It will not trigger the expected price fall but will only slow the fast pace of growth.
With the government officially moving to tax vacant first-hand private residential units in a bid to ease Hong Kong’s housing crisis, experts believe that the move may not exactly achieve the goal of dampening the soaring prices in the city’s heated property market.
“The new tax will not trigger a price fall in the property market, but price growth will slow,” Joseph Tsang, managing director at JLL said in a statement.
The special rates on vacant units will be collected annually at 200% of the rateable value of the units, which is roughly equal to 5% of the property value. Units that have not been occupied or rented out for more than half of the past 12 months will be considered vacant, according to a government release.
The move, however, may not necessarily speed up the supply of first-hand homes as it targets only a specific subsector of the property market, Tsang notes.
“The introduction of the vacancy tax and the amendment to pre-sale consent will only affect the luxury market. Developers usually look to achieve strong sales for mass residential projects, rather than high prices. Even if developers speed up the sales of luxury projects, it won’t help average home seekers.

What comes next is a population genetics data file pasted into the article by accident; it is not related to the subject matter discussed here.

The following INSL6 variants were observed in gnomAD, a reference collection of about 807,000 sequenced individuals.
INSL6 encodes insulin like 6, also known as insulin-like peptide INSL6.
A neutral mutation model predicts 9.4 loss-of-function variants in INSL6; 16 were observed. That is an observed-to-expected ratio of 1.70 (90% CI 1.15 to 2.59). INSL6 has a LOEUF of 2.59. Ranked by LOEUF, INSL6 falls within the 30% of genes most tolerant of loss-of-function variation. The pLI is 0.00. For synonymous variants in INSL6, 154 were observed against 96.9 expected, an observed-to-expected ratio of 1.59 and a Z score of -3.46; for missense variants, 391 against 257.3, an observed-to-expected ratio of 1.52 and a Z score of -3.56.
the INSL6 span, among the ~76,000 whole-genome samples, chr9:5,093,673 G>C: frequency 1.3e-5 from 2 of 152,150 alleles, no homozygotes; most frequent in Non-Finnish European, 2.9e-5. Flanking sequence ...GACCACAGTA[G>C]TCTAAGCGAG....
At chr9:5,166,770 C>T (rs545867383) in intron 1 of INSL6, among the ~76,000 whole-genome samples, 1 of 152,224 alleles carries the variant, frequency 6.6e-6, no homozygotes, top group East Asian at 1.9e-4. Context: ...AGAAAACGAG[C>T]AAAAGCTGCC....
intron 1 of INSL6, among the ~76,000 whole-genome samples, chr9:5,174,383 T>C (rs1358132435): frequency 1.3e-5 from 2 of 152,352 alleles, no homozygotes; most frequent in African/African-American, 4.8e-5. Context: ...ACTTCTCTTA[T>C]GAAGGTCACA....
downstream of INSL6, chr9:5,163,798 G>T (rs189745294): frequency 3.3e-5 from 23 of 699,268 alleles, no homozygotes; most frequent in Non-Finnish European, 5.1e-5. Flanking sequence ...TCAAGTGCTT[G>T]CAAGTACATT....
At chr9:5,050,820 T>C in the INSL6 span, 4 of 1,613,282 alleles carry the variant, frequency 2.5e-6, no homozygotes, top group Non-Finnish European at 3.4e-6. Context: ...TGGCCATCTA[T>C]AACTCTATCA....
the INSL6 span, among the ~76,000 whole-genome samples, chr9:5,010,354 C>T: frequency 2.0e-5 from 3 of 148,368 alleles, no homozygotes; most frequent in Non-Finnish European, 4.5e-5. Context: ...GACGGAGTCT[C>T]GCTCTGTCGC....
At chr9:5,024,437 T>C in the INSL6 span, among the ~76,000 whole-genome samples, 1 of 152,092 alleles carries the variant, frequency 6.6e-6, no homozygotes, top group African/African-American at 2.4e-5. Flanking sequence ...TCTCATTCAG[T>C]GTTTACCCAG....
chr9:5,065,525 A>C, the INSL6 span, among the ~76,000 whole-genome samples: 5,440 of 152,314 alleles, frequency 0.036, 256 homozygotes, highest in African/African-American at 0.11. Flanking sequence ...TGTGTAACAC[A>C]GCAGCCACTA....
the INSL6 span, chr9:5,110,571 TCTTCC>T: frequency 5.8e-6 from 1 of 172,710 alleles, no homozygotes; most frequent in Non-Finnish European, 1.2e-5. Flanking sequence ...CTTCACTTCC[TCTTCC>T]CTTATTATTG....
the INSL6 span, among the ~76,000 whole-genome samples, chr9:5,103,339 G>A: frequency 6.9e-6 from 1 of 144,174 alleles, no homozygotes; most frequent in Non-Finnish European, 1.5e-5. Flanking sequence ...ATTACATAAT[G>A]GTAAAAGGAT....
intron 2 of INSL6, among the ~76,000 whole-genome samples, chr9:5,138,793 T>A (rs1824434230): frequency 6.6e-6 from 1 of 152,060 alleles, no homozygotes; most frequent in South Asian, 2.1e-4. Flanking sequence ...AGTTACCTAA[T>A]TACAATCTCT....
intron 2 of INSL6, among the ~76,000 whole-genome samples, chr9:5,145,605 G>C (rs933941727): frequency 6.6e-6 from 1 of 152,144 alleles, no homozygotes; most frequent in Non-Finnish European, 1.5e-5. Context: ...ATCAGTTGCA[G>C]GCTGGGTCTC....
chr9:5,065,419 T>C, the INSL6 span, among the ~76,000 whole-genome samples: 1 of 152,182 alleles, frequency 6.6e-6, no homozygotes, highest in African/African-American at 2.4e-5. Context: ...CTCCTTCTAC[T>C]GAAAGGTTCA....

Home ownership in space-starved Hong Kong has plunged below 50% in 2017 as the city’s runaway property prices have made it the most expensive housing market in the world for the eighth consecutive year.
An average Hong Konger earning $50,000 in annual income would need around $900,000 to purchase a home, according to annual Demographia International Housing Affordability Survey, which puts the median house prices divided by annual median household income at 18.1.
The government plans to introduce an amendment bill regarding the special rates at the next legislative year. The rates will take effect after gazettal of the amendment ordinance following passage of the bill.
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